GND=tmaxGND(GND, 15, 'time_wind', [90 790], 'n_perm', 2500);
  • Two windows pop up:
    • The familiar guy_erp

Notice now, that a threshold is displayed on the t-scores (all t-scores out lower or higher than those are significant). White dots are also displayed for each electrode that displays a significant difference.

  • The second window is a significance raster which plots all electrodes and colours each time point of significant difference:

The default setting is to plot vertical lines to separate each time points. While this is not a problem at low sampling rates, for sampling rates of 500Hz and above it becomes hard to read.

It is advisable to plot the sig_raster again adding the option 'plot_vert_lines', 'no'

  • The significance raster can be invoked again by using the following command:
sig_raster(GND,1, 'use_color', 'rgb', 'plot_vert_lines', 0);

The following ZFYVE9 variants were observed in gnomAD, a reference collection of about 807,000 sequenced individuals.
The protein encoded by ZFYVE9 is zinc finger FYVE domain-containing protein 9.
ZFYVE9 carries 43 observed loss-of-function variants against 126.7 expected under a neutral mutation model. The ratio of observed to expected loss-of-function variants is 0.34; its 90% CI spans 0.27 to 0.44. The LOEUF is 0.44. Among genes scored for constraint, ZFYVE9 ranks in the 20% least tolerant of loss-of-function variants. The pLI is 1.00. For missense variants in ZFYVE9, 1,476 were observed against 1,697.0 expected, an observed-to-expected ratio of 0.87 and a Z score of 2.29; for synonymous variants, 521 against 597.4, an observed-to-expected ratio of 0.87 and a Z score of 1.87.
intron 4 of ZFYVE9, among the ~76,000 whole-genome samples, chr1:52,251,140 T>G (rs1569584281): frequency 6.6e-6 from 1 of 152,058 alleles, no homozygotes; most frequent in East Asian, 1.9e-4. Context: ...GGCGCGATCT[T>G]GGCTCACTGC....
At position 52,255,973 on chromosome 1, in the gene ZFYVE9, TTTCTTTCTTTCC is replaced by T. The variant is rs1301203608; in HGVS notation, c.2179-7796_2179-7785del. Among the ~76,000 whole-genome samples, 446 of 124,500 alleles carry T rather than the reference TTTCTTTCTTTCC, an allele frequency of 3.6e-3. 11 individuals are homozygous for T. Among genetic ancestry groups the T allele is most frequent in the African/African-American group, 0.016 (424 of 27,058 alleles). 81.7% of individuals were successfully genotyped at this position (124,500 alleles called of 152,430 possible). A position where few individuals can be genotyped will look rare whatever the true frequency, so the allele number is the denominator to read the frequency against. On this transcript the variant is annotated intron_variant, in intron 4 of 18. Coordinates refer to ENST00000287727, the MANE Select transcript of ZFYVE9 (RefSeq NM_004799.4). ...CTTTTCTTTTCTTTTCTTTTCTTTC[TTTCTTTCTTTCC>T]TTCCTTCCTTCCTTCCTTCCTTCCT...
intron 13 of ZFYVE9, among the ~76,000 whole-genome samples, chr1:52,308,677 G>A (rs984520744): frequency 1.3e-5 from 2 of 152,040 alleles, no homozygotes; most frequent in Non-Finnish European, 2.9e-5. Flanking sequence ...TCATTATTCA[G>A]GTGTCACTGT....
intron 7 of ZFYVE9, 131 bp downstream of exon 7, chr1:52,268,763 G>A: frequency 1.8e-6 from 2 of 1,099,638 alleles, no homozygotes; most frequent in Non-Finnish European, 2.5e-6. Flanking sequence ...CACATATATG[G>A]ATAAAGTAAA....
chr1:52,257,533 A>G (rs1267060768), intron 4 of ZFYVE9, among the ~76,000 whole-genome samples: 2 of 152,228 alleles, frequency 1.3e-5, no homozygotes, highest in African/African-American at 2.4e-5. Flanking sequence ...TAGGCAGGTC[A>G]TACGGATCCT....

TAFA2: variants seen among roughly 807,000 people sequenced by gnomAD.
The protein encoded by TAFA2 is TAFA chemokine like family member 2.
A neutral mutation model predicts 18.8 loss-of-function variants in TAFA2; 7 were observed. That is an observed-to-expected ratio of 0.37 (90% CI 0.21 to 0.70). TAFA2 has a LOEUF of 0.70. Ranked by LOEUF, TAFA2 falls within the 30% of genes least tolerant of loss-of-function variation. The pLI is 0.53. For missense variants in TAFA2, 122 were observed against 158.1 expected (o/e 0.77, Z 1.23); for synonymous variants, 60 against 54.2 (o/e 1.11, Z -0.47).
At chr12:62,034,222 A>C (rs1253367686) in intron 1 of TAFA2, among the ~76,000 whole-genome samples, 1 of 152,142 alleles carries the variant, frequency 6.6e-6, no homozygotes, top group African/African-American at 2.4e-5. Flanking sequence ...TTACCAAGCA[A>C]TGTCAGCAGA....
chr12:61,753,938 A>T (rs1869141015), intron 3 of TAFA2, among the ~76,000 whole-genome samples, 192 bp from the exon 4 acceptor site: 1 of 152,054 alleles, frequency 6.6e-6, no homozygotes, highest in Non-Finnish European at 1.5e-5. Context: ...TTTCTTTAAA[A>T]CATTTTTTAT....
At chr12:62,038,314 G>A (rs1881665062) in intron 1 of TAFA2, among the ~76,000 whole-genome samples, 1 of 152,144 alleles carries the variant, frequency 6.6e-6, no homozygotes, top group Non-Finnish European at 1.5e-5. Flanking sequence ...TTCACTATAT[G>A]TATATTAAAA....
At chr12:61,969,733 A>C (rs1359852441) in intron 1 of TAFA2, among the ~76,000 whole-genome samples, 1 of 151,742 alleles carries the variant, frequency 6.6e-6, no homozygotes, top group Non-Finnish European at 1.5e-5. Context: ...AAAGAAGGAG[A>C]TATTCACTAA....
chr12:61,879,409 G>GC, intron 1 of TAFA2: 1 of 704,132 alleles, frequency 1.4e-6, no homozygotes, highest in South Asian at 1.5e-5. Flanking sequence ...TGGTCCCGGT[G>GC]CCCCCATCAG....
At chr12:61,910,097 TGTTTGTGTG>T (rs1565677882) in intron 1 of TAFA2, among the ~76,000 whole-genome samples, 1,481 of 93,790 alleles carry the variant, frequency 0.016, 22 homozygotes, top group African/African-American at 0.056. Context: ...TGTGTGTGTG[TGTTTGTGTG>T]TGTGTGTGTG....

FDR control

The toolbox implement another popular (esp. with the fMRI crowd) MCP correction, known as control for False Discovery Rate (FDR) from Benjamini & colleagues.

  • To perform such test we use the tfdrGND() function:
GND=tfdrGND(GND, 15, 'method', 'by', 'time_wind', [90 790]);
  • check help tfdrGND for details about the methods: Three popular FDR methods exist varying in sensitivities.

From this test we get the following:

We can clearly see that FDR is more powerful as more electrodes show significant differences, as well as more time points (especially for later positive time windows.)

Cluster Mass Permunations

The last method, mainly advocated by Maris & Oostenveld (2007) is similar to the tmax permutation test, which builds the null hypothesis from random permutations from the data, but rather than collecting the most extreme values from each channel and each time point, it clusters each neighbouring extreme (time and/or channel) t-scores and builds the null hypothesis from the most extreme cluster statistics. (For more info check Maris & Oostenveld, 2007 or Groppe, Urbach, & Kutas, 2011